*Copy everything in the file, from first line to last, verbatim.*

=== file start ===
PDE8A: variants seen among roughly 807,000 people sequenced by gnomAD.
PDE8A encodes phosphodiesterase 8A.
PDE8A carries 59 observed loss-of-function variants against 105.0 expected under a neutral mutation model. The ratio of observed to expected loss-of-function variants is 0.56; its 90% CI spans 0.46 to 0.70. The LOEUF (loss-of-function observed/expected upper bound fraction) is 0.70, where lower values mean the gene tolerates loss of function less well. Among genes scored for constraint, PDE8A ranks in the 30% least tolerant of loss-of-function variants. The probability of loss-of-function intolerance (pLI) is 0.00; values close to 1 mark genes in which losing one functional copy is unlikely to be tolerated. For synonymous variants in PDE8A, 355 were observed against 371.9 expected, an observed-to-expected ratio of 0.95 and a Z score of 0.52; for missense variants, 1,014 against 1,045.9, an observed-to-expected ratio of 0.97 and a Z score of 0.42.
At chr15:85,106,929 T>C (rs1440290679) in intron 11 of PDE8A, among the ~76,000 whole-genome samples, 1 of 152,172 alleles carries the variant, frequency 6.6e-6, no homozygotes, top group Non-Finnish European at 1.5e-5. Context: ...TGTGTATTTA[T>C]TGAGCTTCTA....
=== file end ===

PDE8A: variants seen among roughly 807,000 people sequenced by gnomAD.
PDE8A encodes phosphodiesterase 8A.
PDE8A carries 59 observed loss-of-function variants against 105.0 expected under a neutral mutation model. The ratio of observed to expected loss-of-function variants is 0.56; its 90% CI spans 0.46 to 0.70. The LOEUF (loss-of-function observed/expected upper bound fraction) is 0.70, where lower values mean the gene tolerates loss of function less well. Among genes scored for constraint, PDE8A ranks in the 30% least tolerant of loss-of-function variants. The probability of loss-of-function intolerance (pLI) is 0.00; values close to 1 mark genes in which losing one functional copy is unlikely to be tolerated. For synonymous variants in PDE8A, 355 were observed against 371.9 expected, an observed-to-expected ratio of 0.95 and a Z score of 0.52; for missense variants, 1,014 against 1,045.9, an observed-to-expected ratio of 0.97 and a Z score of 0.42.
At chr15:85,106,929 T>C (rs1440290679) in intron 11 of PDE8A, among the ~76,000 whole-genome samples, 1 of 152,172 alleles carries the variant, frequency 6.6e-6, no homozygotes, top group Non-Finnish European at 1.5e-5. Context: ...TGTGTATTTA[T>C]TGAGCTTCTA....